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Home • Didymella zeae-maydis 3018
Photo of Didymella zeae-maydis 3018
Maize leaves inoculated with Didymella zeae-maydis. Arrows point to chlorotic regions caused by PM-toxin which accompany necrotic lesions.
Image Credit: B. Gillian Turgeon

The dothideomycete Didymella zeae-maydis, the causal agent of Yellow Leaf Blight of maize, was first observed in Ohio in 1965 [1] then soon after in most corn growing states of the US and Canada.  The fungus was initially described as Phyllosticta zeae [2, 3], then Phyllosticta maydis [4]. When the teleomorph was discovered in 1973, it was renamed Mycosphaerella zeae-maydis [5], then Didymella zeae-maydis [6].  The name Peyronellaea zeae-maydis is suggested by authors of a recent publication [7] reporting multilocus sequence typing.
From the beginning, it was clear that only Texas male sterile cytoplasm (Tcms) was highly susceptible to attack by D. zeae-maydis.  Moreover in 1973, a polyketide secondary metabolite, PM-toxin [8], with toxicity only to Tcms was identified.  Tcms carries the Urf13 protein target of the toxin in the inner mitochondrial membrane.  PM-toxin has exactly the same biological specificity as the polyketide secondary metabolite, T-toxin, produced by Cochliobolus heterostrophus race T causal agent of the 1970 Southern Corn Leaf Blight epidemic.  Race T was unknown until the time of the epidemic, although race O, which does not produce T-toxin was discovered decades earlier.   Both T-toxin and PM-toxin are families of linear polyketides, however PM-toxin, as a family, consists of shorter carbon chain backbones (C33 to C35) than the T-toxin family (C35 to C41). In contrast to C. heterostrophus with two known races, no toxin-minus isolate of D. zeae-maydis is known.  The history of evolution of genes conferring toxin-producing activity is under investigation.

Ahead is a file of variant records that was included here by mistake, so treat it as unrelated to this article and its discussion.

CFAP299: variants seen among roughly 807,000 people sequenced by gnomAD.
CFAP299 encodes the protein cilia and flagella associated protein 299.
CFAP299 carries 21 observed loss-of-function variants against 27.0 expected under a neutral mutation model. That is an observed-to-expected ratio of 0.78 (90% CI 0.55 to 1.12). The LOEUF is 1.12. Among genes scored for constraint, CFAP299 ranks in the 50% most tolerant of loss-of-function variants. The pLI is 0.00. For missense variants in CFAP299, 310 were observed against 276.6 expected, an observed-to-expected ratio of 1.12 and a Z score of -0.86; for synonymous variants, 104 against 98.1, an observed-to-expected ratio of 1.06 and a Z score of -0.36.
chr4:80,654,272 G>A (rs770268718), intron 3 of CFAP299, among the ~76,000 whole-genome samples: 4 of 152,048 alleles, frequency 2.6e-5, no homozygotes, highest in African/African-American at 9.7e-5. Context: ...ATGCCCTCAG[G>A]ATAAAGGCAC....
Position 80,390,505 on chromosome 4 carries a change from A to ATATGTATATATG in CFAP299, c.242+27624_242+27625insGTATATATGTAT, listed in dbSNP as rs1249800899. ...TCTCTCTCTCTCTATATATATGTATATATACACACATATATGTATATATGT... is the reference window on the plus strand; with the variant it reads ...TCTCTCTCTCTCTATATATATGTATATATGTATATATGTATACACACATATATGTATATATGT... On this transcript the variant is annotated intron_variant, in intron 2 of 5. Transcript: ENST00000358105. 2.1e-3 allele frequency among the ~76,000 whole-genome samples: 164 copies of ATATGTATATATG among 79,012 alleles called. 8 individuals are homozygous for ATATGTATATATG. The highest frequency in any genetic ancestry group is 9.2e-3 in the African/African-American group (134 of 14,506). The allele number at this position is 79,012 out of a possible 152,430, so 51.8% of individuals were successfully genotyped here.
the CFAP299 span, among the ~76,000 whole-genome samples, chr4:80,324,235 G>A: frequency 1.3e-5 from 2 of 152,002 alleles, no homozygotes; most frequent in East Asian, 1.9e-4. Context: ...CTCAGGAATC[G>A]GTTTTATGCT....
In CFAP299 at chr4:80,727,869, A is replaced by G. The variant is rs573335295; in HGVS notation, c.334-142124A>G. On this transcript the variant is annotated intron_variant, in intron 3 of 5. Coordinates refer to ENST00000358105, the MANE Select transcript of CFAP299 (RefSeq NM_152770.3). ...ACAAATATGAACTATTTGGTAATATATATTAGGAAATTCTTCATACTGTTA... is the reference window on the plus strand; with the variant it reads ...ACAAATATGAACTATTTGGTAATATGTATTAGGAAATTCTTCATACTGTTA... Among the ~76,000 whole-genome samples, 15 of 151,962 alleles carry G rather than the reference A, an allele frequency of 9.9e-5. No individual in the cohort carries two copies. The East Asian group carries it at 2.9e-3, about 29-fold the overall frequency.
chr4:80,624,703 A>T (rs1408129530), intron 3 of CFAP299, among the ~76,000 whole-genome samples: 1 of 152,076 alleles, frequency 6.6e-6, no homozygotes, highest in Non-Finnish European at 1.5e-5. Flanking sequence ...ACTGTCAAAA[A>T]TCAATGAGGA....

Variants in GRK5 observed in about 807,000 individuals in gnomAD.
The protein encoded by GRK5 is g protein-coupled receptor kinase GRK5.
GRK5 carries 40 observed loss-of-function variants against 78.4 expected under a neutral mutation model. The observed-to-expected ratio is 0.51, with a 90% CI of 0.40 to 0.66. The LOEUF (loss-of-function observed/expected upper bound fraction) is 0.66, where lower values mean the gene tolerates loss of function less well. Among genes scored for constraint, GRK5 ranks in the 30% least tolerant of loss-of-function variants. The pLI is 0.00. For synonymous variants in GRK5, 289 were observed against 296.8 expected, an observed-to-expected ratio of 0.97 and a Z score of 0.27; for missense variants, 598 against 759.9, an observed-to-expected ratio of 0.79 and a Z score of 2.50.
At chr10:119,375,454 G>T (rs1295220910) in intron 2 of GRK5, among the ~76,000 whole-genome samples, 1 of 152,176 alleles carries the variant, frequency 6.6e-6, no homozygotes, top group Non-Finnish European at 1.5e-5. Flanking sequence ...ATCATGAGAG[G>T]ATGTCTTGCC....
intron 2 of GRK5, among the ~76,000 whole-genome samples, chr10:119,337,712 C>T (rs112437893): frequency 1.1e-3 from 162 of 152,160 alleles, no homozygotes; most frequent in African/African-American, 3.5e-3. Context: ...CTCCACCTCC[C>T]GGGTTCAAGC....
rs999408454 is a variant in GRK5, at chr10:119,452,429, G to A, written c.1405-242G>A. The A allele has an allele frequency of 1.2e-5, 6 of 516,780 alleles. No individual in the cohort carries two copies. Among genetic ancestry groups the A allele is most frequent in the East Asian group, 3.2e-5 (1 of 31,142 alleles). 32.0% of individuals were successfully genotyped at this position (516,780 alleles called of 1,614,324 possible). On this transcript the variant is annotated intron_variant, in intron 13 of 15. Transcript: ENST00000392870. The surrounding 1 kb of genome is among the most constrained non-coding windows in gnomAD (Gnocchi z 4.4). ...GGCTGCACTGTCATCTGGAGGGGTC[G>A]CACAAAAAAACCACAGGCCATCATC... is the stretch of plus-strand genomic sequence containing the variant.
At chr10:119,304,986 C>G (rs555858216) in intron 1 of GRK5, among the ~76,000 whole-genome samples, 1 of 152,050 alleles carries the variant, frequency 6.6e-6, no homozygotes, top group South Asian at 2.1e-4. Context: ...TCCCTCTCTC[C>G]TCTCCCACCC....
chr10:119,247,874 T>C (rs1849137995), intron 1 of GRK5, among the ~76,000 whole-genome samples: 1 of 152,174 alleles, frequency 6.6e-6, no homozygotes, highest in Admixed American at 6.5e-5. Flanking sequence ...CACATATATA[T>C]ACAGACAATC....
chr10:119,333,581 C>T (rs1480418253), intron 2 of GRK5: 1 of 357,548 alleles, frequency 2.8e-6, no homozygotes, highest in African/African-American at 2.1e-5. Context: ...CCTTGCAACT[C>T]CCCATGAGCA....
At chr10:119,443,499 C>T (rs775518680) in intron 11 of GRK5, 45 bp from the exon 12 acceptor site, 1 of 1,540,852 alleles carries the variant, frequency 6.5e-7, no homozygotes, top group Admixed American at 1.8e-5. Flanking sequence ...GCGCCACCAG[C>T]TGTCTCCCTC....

D. zeae-maydis is genetically tractable and there are established protocols for transformation, gene disruption and targeted gene manipulation [9].  The fungus is homothallic [10].
D. zeae-maydis strain 3018 was sequenced using an Illumina HiSeq 2000-based whole-genome shotgun strategy (S-H Yun, Dept. of Medical Biotechnology, Soonchunhyang University, Asan, South Korea).

This research was supported by a grant from the Next-Generation Bio Green21 Program (no. PJ0111802015), the Rural Development Administration, Republic of Korea.



  1.   McFeeley, J.C., Comparison of isolates causing Yellow Leaf Blight of corn in Ohio. Plant Dis. Reptr., 1971. 55: p. 1064-1068.
  2. Scheifele, G.L. and R.R. Nelson, The occurrence of Phyllosticta leaf spot of corn in Pennsylvania. Plant Dis. Reptr., 1969. 53: p. 186-189.
  3. Scheifele, G.L., R.R. Nelson , and C. Koons, Male sterility cytoplasm conditioning susceptibility of resistant inbred lines of maize to Yellow Leaf Blight caused by Phyllosticta zeae. Plant Dis. Reptr., 1969. 53: p. 656-659.
  4. Arny, D.C. and R.R. Nelson, Phyllosticta maydis species nova, the incitant of Yellow Leaf Blight of maize. Phytopathology, 1971. 61: p. 1170-1172.
  5. Mukunya, D.M. and C.W. Boothroyd, Mycosphaerella zeae-maydis sp. n., the sexual stage of Phyllosticta maydis. Phytopathology, 1973. 63: p. 529-532.
  6. Arx, J., von, Plant pathogenic fungi. Beihefte zur Nova Hedwigia 1987. 87: p. 288.
  7. Aveskamp, M.M., J. de Gruyter, J.H.C. Woudenberg, G.J.M. Verkley, and P.W. Crous, Highlights of the Didymellaceae: A polyphasic approach to characterise Phoma and related pleosporalean genera. Studeis in Mycology, 2010. 65 p. 1–60.
  8. Yoder, O.C., A selective toxin produced by Phyllosticta maydis. Phytopathology, 1973. 63: p. 1361-1365.
  9. Yun, S.H., B.G. Turgeon, and O.C. Yoder, REMI-induced mutants of Mycosphaerella zeae-maydis lacking the polyketide PM-toxin are deficient in pathogenesis to corn. Physiol. Mol. Plant Pathol., 1998. 52(1): p. 53-66.
  10. Yun, S.H., O.C. Yoder, and B.G. Turgeon, Structure and function of the mating-type locus in the homothallic ascomycete, Didymella zeae-maydis. J Microbiol, 2013. 51(6): p. 814-20.


Genome Reference(s)